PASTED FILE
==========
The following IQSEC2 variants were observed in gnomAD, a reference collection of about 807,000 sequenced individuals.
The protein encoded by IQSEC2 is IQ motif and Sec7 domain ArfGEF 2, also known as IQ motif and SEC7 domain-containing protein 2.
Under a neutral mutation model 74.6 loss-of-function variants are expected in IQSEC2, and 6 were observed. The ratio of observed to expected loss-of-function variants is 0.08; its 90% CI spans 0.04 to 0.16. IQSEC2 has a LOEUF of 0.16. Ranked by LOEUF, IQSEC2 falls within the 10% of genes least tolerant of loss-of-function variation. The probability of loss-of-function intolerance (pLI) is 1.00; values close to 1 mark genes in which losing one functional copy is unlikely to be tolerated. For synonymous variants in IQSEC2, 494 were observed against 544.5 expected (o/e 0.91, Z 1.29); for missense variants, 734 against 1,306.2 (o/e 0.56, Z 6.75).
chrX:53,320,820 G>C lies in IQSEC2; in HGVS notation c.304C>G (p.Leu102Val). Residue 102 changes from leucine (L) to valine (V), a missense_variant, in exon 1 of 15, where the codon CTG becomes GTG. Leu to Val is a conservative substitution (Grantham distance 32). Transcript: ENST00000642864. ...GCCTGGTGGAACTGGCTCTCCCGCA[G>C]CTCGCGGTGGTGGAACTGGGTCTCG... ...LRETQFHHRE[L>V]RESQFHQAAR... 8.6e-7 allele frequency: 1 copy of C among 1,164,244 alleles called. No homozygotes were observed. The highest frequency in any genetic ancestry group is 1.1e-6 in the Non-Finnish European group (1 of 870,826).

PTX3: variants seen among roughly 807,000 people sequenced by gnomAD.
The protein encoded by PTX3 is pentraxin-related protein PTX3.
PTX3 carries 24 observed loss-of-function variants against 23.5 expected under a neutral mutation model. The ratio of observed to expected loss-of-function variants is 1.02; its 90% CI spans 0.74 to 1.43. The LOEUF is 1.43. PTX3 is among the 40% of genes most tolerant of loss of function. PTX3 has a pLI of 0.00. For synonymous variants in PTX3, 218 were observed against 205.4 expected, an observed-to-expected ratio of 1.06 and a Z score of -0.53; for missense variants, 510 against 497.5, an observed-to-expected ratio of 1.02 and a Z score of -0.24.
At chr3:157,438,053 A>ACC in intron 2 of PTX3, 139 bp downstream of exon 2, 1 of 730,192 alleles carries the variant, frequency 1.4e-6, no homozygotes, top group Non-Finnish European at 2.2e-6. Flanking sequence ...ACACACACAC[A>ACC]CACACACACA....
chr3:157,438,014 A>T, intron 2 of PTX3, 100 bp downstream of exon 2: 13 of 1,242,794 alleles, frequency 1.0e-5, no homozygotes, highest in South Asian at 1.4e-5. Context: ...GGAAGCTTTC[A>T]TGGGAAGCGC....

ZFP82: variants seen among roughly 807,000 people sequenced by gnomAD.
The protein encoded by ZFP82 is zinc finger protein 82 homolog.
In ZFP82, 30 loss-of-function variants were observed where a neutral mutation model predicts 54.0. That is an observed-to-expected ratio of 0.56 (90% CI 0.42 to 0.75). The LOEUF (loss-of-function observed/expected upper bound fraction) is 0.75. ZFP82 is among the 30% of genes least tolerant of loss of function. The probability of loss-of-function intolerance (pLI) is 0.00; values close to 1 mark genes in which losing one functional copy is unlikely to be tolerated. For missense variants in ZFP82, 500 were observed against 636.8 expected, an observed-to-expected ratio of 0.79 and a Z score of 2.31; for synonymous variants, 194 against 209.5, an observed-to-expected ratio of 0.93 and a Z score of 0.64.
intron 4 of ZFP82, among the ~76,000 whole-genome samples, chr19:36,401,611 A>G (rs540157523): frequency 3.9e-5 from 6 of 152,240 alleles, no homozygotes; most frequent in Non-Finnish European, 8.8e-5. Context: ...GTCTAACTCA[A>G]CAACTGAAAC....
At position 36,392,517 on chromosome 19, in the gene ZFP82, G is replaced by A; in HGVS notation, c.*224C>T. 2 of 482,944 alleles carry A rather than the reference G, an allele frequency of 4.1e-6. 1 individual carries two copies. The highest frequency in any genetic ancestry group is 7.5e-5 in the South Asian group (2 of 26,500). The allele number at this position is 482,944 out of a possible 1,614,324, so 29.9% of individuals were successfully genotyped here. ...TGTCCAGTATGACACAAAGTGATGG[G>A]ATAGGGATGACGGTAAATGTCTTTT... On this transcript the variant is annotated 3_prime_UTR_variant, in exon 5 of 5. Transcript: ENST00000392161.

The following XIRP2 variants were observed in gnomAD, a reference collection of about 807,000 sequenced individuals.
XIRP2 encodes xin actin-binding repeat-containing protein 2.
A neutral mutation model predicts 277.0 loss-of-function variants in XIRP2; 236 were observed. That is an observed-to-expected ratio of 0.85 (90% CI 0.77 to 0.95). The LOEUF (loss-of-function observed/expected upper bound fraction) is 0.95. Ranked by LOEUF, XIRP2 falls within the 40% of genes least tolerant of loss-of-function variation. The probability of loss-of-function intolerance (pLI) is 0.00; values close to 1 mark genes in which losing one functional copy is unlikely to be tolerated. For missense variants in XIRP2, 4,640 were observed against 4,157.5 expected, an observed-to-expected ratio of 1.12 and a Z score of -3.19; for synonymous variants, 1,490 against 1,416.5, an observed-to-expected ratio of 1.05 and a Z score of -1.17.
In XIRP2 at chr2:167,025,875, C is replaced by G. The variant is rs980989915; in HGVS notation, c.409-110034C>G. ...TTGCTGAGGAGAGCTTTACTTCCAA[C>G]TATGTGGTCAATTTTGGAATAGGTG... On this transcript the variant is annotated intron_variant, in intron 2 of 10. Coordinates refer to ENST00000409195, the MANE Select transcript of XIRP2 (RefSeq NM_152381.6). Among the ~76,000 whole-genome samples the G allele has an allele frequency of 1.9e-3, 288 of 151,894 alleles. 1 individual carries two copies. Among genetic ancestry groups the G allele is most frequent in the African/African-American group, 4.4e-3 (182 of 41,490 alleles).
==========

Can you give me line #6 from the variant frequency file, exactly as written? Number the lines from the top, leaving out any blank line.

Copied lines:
The protein encoded by PTX3 is pentraxin-related protein PTX3.